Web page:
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Grep pattern in TextWrangler

I'm trying to determine a grep pattern that will allow me to find and replace all lines that look like this:
<style type=""text/css"">/*<![CDATA[*/    span.c1 {BACKGROUND-COLOR: #c0c0c0}    /*]]>*/    </style>

Basically anything between style tags.
<style?[^>]*> will get be that first style tag, but I'm hitting a wall getting the selection to extend to the last </style>

I'm putting this in a generic linux category cause I would assume that the grep rules would be pretty close?
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Gerwin Jansen
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Do you want to replace the complete line or just what's in between the tags? Also: will you have different first tags and always just </style> as as closing tag? Replacing what's in between the tags could be done with sed where you have 3 RE's and where you replace the 2nd RE with whatever you want.
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I am looking to remove the style tags completely. I'm not sure what sed and 3RE's refers to though.
RE == Regular Expression.

sed == Stream EDitor - Command line program

You probably should have added the Mac zones since Text Wrangler is a Mac product.

You should do it in 2 passes, since that's a little easier.   If you have the first one made, then use that.  The 2nd one should just be </style>
I'm assuming the style tags are across multiple lines, right?
Thanks, I was so single minded on this I didn't even think outside of the scope to sed. I haven't used the sed command much, so wouldn't know where to start there.

I think I wasn't clear enough still yet - I want to remove the style tags and everything in between. I could certainly remove the opening and closing tags in two passes, but I'm having trouble finding a way to select the two tags and everything in between to get removed.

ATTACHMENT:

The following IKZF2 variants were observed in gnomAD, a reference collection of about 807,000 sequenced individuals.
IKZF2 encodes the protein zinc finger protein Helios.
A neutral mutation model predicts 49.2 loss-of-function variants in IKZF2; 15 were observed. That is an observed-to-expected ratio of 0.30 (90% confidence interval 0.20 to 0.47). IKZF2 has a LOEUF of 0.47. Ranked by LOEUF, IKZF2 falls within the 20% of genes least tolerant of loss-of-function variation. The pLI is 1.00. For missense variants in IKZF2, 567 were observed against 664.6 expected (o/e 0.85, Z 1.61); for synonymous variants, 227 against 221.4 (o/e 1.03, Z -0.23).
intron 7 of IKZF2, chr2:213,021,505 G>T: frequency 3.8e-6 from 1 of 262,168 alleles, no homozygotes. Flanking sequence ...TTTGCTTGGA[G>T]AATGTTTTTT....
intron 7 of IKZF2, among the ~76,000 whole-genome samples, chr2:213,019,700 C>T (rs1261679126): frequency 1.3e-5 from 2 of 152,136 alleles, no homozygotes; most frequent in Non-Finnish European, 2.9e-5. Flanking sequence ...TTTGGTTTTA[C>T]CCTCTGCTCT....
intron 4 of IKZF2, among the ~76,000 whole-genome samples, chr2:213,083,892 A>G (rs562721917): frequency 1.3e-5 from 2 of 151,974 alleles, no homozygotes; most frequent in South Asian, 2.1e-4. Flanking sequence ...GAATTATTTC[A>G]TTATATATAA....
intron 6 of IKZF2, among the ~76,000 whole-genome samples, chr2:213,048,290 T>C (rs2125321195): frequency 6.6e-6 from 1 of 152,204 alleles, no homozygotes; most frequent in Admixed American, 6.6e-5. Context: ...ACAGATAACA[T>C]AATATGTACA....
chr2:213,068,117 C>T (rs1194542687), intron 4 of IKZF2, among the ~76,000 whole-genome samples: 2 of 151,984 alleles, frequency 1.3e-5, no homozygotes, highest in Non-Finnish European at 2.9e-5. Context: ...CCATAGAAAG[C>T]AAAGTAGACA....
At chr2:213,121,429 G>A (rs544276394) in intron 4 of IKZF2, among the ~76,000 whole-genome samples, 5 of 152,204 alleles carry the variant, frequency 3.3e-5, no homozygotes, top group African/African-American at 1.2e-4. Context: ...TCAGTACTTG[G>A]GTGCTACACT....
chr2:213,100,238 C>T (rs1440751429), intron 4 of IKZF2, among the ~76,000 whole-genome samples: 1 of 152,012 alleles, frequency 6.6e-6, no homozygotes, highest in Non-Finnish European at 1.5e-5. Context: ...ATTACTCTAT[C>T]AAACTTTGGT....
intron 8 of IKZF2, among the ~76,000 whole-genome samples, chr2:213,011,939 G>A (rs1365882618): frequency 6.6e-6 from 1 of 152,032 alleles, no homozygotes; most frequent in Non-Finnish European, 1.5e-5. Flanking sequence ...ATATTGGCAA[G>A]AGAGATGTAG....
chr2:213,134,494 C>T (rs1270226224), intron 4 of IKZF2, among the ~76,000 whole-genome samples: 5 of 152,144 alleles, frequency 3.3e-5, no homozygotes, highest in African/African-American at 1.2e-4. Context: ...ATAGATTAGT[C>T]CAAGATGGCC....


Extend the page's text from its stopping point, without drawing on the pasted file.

If there is a sed command that makes this easier, I could attempt that. I imagine is something like
sed [pattern] [filename] from the terminal?
>> I want to remove the style tags and everything in between
I understand, you mean by 'everything in between' that it can be spread over several lines?

About sed: yes it's like that, you give it some patterns to search for and when found perform some actions (basically).
In Text Wrangler:

Find: <style.</style> would find the whole style statement.
Ooops sorry. Ignore that :D
Rather: <style.+?style>
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Awesome, that worked perfectly, and I don't think I would have ever gotten there on my own. I've been going over the grep references trying to figure out the syntax and just not getting it very well.

I usually try to narrate through statements like this but I guess I'm just not sure what grep is looking at. If I understand the components of the expression:
* = 0 or more previous characters
[^>] = any character that is NOT >
? = 0 or 1 previous characters

So I'm not sure how that stings together to tell it to find all the characters between the two style tags.
TextWrangler's grep seems to be implemented a little differently from command line grep.  Otherwise I would have been able to match it with <style*style>.
There are many different flavours of grep. Like for instance InDesign has few commands that are not available else where.

in TextWrangler <style*style> does not find anything but <style.+?style> finds any character, one or more
(except a return)  between <style and style. Actually it could be shortened down to <s.+?e>
The question mark makes the command less greedy.
Then you should have gotten the points for your much simpler solution.  I only just installed TextWrangler yesterday for testing that.
No problem about the points. He used your suggestion.

Try out my solution just for fun and try to make it not work. :D
Sigurdur - I'm sorry, I never even saw your comments until just now when I got the last email, I was refreshing this page yesterday and only saw the comment from serialband.

However, you're solution seems to require the string to be on a single line. In this one example, that happens to be the case, but I have some other files I'll be working with in the coming days where that will not be the case.
I'm sorry I didn't see the solution earlier, both work and do exactly what I was looking for. I tried several variants of the * .* +* etc but I guess it was the ? that I needed to use.
Nevermind the points. :D

The only thing that breaks the . command is the return, but one of the things you could use to include a return if the line breaks is like this:


This is <style, any character zero or more time, return zero or more times, any character zero ore more times and then style> to close.